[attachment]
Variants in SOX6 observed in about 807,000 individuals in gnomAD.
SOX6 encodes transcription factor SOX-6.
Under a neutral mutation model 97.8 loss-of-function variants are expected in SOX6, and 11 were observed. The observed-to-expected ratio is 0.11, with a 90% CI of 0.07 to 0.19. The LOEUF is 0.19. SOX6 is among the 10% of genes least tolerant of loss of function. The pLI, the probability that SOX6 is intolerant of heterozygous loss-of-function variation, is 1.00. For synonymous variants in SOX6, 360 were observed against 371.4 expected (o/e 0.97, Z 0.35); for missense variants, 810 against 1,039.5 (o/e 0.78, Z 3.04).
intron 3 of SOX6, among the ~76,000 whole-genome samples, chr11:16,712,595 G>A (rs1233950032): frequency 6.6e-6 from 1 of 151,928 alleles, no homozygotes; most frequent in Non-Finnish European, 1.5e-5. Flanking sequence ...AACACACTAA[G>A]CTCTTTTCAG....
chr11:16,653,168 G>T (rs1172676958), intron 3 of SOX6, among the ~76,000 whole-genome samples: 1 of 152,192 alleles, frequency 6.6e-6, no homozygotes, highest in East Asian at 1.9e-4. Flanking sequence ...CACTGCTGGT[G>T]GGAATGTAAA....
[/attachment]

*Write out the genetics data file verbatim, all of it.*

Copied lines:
Variants in SOX6 observed in about 807,000 individuals in gnomAD.
SOX6 encodes transcription factor SOX-6.
Under a neutral mutation model 97.8 loss-of-function variants are expected in SOX6, and 11 were observed. The observed-to-expected ratio is 0.11, with a 90% CI of 0.07 to 0.19. The LOEUF is 0.19. SOX6 is among the 10% of genes least tolerant of loss of function. The pLI, the probability that SOX6 is intolerant of heterozygous loss-of-function variation, is 1.00. For synonymous variants in SOX6, 360 were observed against 371.4 expected (o/e 0.97, Z 0.35); for missense variants, 810 against 1,039.5 (o/e 0.78, Z 3.04).
intron 3 of SOX6, among the ~76,000 whole-genome samples, chr11:16,712,595 G>A (rs1233950032): frequency 6.6e-6 from 1 of 151,928 alleles, no homozygotes; most frequent in Non-Finnish European, 1.5e-5. Flanking sequence ...AACACACTAA[G>A]CTCTTTTCAG....
chr11:16,653,168 G>T (rs1172676958), intron 3 of SOX6, among the ~76,000 whole-genome samples: 1 of 152,192 alleles, frequency 6.6e-6, no homozygotes, highest in East Asian at 1.9e-4. Flanking sequence ...CACTGCTGGT[G>T]GGAATGTAAA....